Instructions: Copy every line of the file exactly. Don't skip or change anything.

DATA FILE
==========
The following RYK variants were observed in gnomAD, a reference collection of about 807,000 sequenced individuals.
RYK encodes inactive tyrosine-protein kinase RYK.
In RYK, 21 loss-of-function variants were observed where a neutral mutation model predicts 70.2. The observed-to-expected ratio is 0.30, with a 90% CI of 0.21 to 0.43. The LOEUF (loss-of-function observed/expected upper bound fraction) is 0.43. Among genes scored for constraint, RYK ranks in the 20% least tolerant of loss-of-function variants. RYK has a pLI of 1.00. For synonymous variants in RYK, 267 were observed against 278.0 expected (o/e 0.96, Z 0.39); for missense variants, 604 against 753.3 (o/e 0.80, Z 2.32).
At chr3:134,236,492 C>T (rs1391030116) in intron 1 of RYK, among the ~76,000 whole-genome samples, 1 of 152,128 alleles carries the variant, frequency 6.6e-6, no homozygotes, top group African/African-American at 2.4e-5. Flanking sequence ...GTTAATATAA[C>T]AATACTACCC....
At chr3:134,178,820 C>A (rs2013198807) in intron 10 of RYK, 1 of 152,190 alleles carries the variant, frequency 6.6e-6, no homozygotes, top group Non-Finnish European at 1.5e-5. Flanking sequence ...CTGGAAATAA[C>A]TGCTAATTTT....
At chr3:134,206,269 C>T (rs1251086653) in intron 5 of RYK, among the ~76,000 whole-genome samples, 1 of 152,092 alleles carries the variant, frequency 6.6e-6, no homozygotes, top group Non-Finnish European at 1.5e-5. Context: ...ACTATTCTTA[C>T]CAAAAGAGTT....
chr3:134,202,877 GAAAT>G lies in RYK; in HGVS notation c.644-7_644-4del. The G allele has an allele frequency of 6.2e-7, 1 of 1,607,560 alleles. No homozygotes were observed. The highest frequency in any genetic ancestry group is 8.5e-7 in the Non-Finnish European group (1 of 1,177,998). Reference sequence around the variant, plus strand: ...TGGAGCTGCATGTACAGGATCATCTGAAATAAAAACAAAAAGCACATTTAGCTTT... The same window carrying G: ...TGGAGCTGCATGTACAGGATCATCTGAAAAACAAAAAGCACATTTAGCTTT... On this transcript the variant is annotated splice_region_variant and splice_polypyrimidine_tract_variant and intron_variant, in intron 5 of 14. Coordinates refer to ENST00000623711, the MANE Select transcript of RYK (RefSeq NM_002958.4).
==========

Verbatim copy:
The following RYK variants were observed in gnomAD, a reference collection of about 807,000 sequenced individuals.
RYK encodes inactive tyrosine-protein kinase RYK.
In RYK, 21 loss-of-function variants were observed where a neutral mutation model predicts 70.2. The observed-to-expected ratio is 0.30, with a 90% CI of 0.21 to 0.43. The LOEUF (loss-of-function observed/expected upper bound fraction) is 0.43. Among genes scored for constraint, RYK ranks in the 20% least tolerant of loss-of-function variants. RYK has a pLI of 1.00. For synonymous variants in RYK, 267 were observed against 278.0 expected (o/e 0.96, Z 0.39); for missense variants, 604 against 753.3 (o/e 0.80, Z 2.32).
At chr3:134,236,492 C>T (rs1391030116) in intron 1 of RYK, among the ~76,000 whole-genome samples, 1 of 152,128 alleles carries the variant, frequency 6.6e-6, no homozygotes, top group African/African-American at 2.4e-5. Flanking sequence ...GTTAATATAA[C>T]AATACTACCC....
At chr3:134,178,820 C>A (rs2013198807) in intron 10 of RYK, 1 of 152,190 alleles carries the variant, frequency 6.6e-6, no homozygotes, top group Non-Finnish European at 1.5e-5. Flanking sequence ...CTGGAAATAA[C>A]TGCTAATTTT....
At chr3:134,206,269 C>T (rs1251086653) in intron 5 of RYK, among the ~76,000 whole-genome samples, 1 of 152,092 alleles carries the variant, frequency 6.6e-6, no homozygotes, top group Non-Finnish European at 1.5e-5. Context: ...ACTATTCTTA[C>T]CAAAAGAGTT....
chr3:134,202,877 GAAAT>G lies in RYK; in HGVS notation c.644-7_644-4del. The G allele has an allele frequency of 6.2e-7, 1 of 1,607,560 alleles. No homozygotes were observed. The highest frequency in any genetic ancestry group is 8.5e-7 in the Non-Finnish European group (1 of 1,177,998). Reference sequence around the variant, plus strand: ...TGGAGCTGCATGTACAGGATCATCTGAAATAAAAACAAAAAGCACATTTAGCTTT... The same window carrying G: ...TGGAGCTGCATGTACAGGATCATCTGAAAAACAAAAAGCACATTTAGCTTT... On this transcript the variant is annotated splice_region_variant and splice_polypyrimidine_tract_variant and intron_variant, in intron 5 of 14. Coordinates refer to ENST00000623711, the MANE Select transcript of RYK (RefSeq NM_002958.4).